Here’s How America’s CEOs Reacted to Trump’s Climate Decision

Here’s How America’s CEOs Reacted to Trump’s Climate Decision

America’s CEOs weren’t very happy with president Trump’s decision to exit the Paris climate deal on Thursday. While the president argued that the move would benefit job creation and the economy, his critics claim the decision had much to do with his campaign promises to the coal industry.

CEOs Quit President’s Advisory Council

Trump pledged to renegotiate the agreement in the future, but the U.S. businesses were displeased with the announcement. Tesla and SpaceX’s founder and CEO Elon Musk was so disgruntled that he resigned from the presidential advisory council. The SpaceX boss confirmed his decision on Twitter Thursday.

Disney’s chief executive Bob Iger joined Musk in leaving the council “as a matter of principle”.  General Motors’ CEO Mary Barra did not comment on the move, but the company announced that she would retain her seat in the council. Blackstone’s boss Stephen Schwarzman will not resign either.

IBM announced its CEO Ginny Rometty would not leave the President’s council. The tech firm added that they hope for a “constructive contribution” and a dialogue with the White House.

The news about Trump’s withdrawal from the accord prompted Goldman Sachs CEO Lloyd Blankfein to send out his first tweet in seven years. Blankfein described the president’s decision as a “setback” for the climate change fight and the U.S.’s standing in the world.

General Electric’s chief executive Jeff Immelt, who doesn’t sit on the council, said he was ‘disappointed’ with the exit from the Paris agreement. He urged the industry to “lead” and rely less on the government.

Google’s CEO Sundar Pichai also expressed disappointment and pledged for the web search giant to put more effort in a “cleaner, more prosperous future for all.” Salesforce.com’s CEO Mark Benioff noted he was “deeply disappointed” by the president’s move. He vowed to double the efforts to fight global warming.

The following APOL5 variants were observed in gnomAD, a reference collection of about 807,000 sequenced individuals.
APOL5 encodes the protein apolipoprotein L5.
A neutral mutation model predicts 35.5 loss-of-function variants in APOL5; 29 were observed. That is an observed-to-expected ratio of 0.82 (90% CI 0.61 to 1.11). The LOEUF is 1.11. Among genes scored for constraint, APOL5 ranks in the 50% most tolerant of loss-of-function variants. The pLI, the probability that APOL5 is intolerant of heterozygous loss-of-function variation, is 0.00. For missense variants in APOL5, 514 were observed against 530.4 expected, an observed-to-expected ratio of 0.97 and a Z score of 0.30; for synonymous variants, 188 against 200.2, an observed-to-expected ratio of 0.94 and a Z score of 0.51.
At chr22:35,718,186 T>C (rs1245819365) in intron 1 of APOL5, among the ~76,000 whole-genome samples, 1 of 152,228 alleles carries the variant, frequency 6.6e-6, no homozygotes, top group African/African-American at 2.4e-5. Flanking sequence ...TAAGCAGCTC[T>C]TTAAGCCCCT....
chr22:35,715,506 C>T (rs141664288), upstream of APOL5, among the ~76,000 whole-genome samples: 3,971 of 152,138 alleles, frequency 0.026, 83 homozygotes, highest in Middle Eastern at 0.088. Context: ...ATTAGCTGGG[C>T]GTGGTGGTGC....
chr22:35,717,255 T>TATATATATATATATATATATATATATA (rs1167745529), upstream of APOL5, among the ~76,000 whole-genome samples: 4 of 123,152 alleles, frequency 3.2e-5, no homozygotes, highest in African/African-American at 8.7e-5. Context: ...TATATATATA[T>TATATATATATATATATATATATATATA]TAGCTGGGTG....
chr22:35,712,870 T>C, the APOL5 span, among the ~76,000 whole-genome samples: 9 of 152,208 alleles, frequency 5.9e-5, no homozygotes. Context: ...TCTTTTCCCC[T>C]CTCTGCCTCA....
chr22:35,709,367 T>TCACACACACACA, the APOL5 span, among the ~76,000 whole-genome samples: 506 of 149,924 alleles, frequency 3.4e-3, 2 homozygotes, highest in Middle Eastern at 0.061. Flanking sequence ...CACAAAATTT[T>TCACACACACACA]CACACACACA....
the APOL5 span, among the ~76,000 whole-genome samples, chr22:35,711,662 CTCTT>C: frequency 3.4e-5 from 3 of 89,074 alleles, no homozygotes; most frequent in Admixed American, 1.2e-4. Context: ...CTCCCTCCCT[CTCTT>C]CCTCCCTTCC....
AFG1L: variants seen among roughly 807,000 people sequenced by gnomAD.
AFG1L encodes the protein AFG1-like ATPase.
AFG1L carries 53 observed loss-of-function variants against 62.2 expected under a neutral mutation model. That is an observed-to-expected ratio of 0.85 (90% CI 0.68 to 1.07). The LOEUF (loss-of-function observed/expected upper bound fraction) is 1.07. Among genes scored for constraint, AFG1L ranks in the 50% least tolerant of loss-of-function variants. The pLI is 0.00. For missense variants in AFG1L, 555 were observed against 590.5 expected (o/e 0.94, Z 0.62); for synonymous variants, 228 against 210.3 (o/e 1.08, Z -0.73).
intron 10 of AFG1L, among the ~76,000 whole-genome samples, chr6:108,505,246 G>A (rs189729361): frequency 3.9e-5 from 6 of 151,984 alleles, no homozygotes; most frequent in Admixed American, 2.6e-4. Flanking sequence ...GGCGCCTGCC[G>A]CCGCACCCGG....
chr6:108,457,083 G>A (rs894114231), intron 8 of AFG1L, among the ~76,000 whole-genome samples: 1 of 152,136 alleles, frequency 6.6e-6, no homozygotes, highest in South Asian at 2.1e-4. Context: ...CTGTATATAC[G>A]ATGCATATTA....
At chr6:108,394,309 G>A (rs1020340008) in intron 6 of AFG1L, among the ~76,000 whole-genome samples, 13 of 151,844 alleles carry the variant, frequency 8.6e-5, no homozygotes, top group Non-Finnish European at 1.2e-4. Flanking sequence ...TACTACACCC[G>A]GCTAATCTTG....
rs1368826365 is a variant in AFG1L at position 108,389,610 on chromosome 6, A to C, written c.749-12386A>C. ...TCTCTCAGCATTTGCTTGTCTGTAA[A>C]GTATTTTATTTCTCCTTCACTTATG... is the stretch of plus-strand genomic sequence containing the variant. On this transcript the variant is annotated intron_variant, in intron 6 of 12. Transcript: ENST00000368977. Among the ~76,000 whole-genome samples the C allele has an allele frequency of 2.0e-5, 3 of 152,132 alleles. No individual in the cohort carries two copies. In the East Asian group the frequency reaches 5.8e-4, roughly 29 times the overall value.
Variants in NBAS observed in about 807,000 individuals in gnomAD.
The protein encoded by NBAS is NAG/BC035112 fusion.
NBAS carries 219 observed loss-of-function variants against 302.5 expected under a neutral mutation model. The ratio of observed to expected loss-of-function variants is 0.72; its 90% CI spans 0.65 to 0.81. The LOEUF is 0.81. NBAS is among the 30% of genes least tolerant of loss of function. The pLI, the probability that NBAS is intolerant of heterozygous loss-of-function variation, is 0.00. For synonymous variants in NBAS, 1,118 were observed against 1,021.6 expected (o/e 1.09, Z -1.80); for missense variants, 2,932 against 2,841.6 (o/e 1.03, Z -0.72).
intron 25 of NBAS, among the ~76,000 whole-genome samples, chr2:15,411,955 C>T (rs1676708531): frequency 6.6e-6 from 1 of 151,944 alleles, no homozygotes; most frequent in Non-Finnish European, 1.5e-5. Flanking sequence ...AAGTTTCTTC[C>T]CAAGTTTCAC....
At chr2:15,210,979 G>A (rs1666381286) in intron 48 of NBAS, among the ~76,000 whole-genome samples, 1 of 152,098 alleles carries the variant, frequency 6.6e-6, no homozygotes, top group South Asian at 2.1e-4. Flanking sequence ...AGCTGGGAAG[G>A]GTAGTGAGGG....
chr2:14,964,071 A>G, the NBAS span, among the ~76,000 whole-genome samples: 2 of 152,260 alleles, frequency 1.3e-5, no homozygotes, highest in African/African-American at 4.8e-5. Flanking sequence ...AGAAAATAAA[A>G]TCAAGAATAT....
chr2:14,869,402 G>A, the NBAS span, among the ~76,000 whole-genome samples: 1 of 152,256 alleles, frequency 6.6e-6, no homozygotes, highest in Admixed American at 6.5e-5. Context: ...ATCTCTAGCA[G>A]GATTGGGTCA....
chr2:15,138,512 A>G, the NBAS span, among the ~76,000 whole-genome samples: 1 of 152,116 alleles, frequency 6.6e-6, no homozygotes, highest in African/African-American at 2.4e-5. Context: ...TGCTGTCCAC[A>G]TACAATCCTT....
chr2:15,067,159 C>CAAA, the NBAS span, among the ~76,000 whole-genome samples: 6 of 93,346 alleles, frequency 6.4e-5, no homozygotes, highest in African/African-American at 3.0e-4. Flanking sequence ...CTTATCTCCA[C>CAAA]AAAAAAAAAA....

Microsoft’s CEO Satya Nadella agrees climate change is a thorny issue that needs to be addressed via global action. “We remain committed to doing our part,” the Microsoft executive tweeted.

Twitter’s CEO Jack Dorsey flooded his account with retweets supporting the Paris climate agreement.

CEOs That Had Urged Trump to Stay

Before the exit, many CEO’s had urged the president to remain. Following Trump’s decision, America joins Russia, Syria, and Nicaragua as the world’s few states that rejected the agreement.

Meanwhile, a large group of business leaders signed a joint letter urging the president to remain. Signatories included Bank of America’s CEO Brian Moynihan, Procter & Gamble’s CEO David Taylor, GE’s CEO Immelt, Campbell Soup’s Denise Morrison, Goldman Sachs’s Lloyd C. Blankfein, Harris Corporation’s William Brown, Salesforce’s Marc Benioff, Tesla’s Elon Musk, Morgan Stanley’s James Gorman, and the list goes on. As a critic noted, those are not a “tree-hugger group.”

In an CNBC interview, HP’s chief executive tried to convince the president to remain as a withdrawal would not be “in the best interest of Americans”. ExxonMobil’s current and former CEOs – Darren Woods and Secretary of State Rex Tillerson, respectively – had also urged Trump to stay.
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